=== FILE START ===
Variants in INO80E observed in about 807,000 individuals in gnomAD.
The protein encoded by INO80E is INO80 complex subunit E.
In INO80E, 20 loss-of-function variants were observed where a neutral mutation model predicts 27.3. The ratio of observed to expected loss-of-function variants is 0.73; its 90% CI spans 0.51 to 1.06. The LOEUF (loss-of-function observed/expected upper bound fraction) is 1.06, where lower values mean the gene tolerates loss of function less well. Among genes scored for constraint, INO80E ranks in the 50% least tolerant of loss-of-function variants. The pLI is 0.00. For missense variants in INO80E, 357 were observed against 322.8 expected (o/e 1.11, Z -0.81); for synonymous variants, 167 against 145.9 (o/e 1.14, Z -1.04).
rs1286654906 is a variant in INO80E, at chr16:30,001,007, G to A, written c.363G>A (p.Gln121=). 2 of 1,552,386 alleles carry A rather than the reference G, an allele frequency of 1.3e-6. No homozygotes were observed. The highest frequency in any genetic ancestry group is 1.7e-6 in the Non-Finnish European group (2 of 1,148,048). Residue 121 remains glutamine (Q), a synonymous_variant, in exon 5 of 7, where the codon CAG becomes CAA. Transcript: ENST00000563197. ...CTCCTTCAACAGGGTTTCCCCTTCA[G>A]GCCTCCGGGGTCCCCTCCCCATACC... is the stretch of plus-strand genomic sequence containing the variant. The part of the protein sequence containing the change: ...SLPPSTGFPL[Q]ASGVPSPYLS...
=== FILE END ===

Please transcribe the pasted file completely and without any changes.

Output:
Variants in INO80E observed in about 807,000 individuals in gnomAD.
The protein encoded by INO80E is INO80 complex subunit E.
In INO80E, 20 loss-of-function variants were observed where a neutral mutation model predicts 27.3. The ratio of observed to expected loss-of-function variants is 0.73; its 90% CI spans 0.51 to 1.06. The LOEUF (loss-of-function observed/expected upper bound fraction) is 1.06, where lower values mean the gene tolerates loss of function less well. Among genes scored for constraint, INO80E ranks in the 50% least tolerant of loss-of-function variants. The pLI is 0.00. For missense variants in INO80E, 357 were observed against 322.8 expected (o/e 1.11, Z -0.81); for synonymous variants, 167 against 145.9 (o/e 1.14, Z -1.04).
rs1286654906 is a variant in INO80E, at chr16:30,001,007, G to A, written c.363G>A (p.Gln121=). 2 of 1,552,386 alleles carry A rather than the reference G, an allele frequency of 1.3e-6. No homozygotes were observed. The highest frequency in any genetic ancestry group is 1.7e-6 in the Non-Finnish European group (2 of 1,148,048). Residue 121 remains glutamine (Q), a synonymous_variant, in exon 5 of 7, where the codon CAG becomes CAA. Transcript: ENST00000563197. ...CTCCTTCAACAGGGTTTCCCCTTCA[G>A]GCCTCCGGGGTCCCCTCCCCATACC... is the stretch of plus-strand genomic sequence containing the variant. The part of the protein sequence containing the change: ...SLPPSTGFPL[Q]ASGVPSPYLS...